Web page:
Higher interest rates do not mean the rapid improvement of European banks

The dollar works less compared to most currencies

An increase in interest rates is not a panacea for European banks as some might think, and the sector needs patience. European bank shares have done well so far this year, up about 6% even as markets slumped across the board. There are expectations for rate hikes, albeit lagging in the Eurozone compared to the UK and the US.

As interest rates rise, banks tend to increase their income. But this is no longer so simple. Extraordinary financial support measures put in place in response to the pandemic must be withdrawn, until bank returns return to normal.

In the midst of the health crisis, European banking regulators put in place rules to ensure the proper functioning of the “financial pipeline”, in order to ensure that banks continue to lend and maintain healthy capital reserves, with interbank exchange rate adjustments, lowering capital requirements and also the use of veto power (veto) on dividends and bonuses.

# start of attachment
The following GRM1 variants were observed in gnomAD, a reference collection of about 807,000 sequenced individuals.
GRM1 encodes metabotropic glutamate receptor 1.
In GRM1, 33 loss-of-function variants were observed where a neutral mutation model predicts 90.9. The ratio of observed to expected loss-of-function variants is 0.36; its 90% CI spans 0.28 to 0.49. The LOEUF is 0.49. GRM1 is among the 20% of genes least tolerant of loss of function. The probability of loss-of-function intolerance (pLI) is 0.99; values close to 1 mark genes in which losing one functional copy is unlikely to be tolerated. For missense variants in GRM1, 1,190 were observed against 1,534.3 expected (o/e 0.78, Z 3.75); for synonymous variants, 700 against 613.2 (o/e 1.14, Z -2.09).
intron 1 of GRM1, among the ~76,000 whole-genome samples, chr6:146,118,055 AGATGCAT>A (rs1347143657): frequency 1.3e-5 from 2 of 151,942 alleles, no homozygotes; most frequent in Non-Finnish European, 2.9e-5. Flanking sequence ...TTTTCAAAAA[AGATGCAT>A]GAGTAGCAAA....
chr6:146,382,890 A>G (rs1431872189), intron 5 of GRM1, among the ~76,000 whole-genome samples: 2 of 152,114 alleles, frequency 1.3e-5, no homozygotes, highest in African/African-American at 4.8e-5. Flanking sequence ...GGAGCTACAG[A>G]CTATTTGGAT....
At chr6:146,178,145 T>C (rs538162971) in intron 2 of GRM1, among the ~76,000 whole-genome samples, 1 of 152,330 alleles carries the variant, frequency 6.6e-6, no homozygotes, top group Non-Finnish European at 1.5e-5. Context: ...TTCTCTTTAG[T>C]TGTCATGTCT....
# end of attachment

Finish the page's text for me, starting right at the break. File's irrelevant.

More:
The measures helped to avoid a crisis in the sector. Now is the time to gradually reduce subsidies. The ban on shareholder returns has already been lifted, which should generate a flurry of buybacks and dividends this year.

However, rolling back other policies is likely to take more time, and it is difficult to predict how the process will affect banks’ profits. From now on, higher interest rates should mean greater profits for the banks. In the short term, they may have to make do with share buybacks and dividends.

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About the Author: Camelia Kirk

"Friendly zombie guru. Avid pop culture scholar. Freelance travel geek. Wannabe troublemaker. Coffee specialist."

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